The Imaging Science Group (ISG) was formed in 1920 under its original name of the ‘Scientific and Technical Group’ of the RPS. It is one of several Special Interest Groups of The Royal Photographic Society. The Group’s fields of interest cover all aspects of the science and technology of imaging, embracing both conventional photography and electronic imaging with image analysis, aerial and satellite technology and much more. The Group channels these interests in three main directions, scientific publications, scientific meetings and education. The Group plays a major role in the Society’s scientific publication, the Imaging Science Journal.
When it was founded in 1853, the stated aim of the Photographic Society (later to become “Royal”) was to “promote the Art and Science of Photography” and its earliest meetings and publications clearly show that that the latter aim was considered to be an important reason for its existence. Early photographic science was carried out primarily by “Victorian gentlemen” scientists but with the advent of large commercial photographic companies (e.g. Wratten and Wainwright, Croydon, in 1878; Eastman Photographic Materials Company Limited, London, in 1889) this progressively became more industrial based.
The Imaging Science Group (ISG) was formed in 1920 (we had a 75th ‘birthday party’ at the Royal Society in March 1995) under the original name of the ‘Scientific and Technical Group’ of the RPS.
The people involved in it at that time were largely scientists and technicians working in the photographic manufacturing industry, notably for Ilford or Kodak, or any one of the relatively large number of smaller photographic companies which existed at the time. It was formed primarily to produce Photographic Abstracts, a publication that was supported financially by the photographic industry. The Group also provided a forum for the discussion of photographic science and regular evening meetings were held in London at the then RPS HQ.
As a result of the growing interest in photographic science fostered by these discussions, The Photographic Journal, which had been published continuously by the RPS almost since its inception, began to be published in two sections – Phot.J. (A), devoted to pictorial photography and matters of general interest to members of the RPS, and Phot.J. (B) which contained ‘technical’ contributions. In order to clarify the basically scientific nature of the latter journal (i.e. with peer-reviewed, academically sound papers) its name was changed to the Journal of Photographic Science (JPS). More recently, in 1997 the journal was again renamed as the Imaging Science Journal in order to reflect coverage of all modern forms of imaging.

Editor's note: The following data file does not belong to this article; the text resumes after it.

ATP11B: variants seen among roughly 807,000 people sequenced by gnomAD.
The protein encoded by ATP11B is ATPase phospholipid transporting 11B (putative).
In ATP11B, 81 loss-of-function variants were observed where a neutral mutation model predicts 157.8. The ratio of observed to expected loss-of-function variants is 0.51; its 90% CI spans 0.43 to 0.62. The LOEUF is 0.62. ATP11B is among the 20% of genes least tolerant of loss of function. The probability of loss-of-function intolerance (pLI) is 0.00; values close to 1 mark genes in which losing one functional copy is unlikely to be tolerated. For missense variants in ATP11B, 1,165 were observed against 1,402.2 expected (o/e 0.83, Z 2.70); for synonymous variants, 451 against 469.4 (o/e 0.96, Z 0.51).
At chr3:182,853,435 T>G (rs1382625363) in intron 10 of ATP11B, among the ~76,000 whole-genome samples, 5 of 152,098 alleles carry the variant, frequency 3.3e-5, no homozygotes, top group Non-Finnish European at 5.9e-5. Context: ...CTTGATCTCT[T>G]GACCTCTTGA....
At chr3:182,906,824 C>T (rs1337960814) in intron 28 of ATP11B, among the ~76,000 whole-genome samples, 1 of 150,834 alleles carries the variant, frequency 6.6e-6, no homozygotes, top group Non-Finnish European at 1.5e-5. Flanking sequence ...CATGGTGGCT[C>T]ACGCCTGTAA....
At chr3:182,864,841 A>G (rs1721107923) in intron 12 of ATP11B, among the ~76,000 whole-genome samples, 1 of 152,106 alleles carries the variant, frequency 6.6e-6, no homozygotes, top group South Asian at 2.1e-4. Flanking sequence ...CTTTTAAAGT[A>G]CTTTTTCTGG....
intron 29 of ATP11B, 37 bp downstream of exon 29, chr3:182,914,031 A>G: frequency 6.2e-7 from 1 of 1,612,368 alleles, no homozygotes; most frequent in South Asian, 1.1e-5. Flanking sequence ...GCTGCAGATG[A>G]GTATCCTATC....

Since its inception, the ISG has had very close links with a formal Committee of the RPS, the Science Committee. The ‘original’ Science Committee was a curious arrangement in that it only occasionally came into being. When it did it was almost the same in terms of membership as the S&T Group Committee; the only difference was the addition of the RPS Secretary and the President of the Society. It was formally responsible for the publication of JPS and for the organisation of conferences – for which the ISG acted as its agent.
The Group evolved significantly over the years following WW2. One reason for the changes was that the Companies that had been supportive of the Group, in particular by providing financial support for Phot. Abs., had begun to question the need for (and cost of) their involvement.
The then Group Secretary, Chris Roberts suggested that the technical meetings of the Group could be made into large-scale international conferences which could generate sufficient profit to support Phot. Abs. This initiative was successful in that the Group conferences not only provided the necessary backing for the Journal but also generated a large number of technical papers for publication in the JPS.
The membership of the Group was also changing throughout this period. It began to attract the interest and involvement of academics, the police, armed services and other government institutions (as reflected in the present composition of the Group Committee). Commercial competition grew, and with it came commercial confidentiality – trade secrecy – which has had a continuing impact on the exchange of technical information.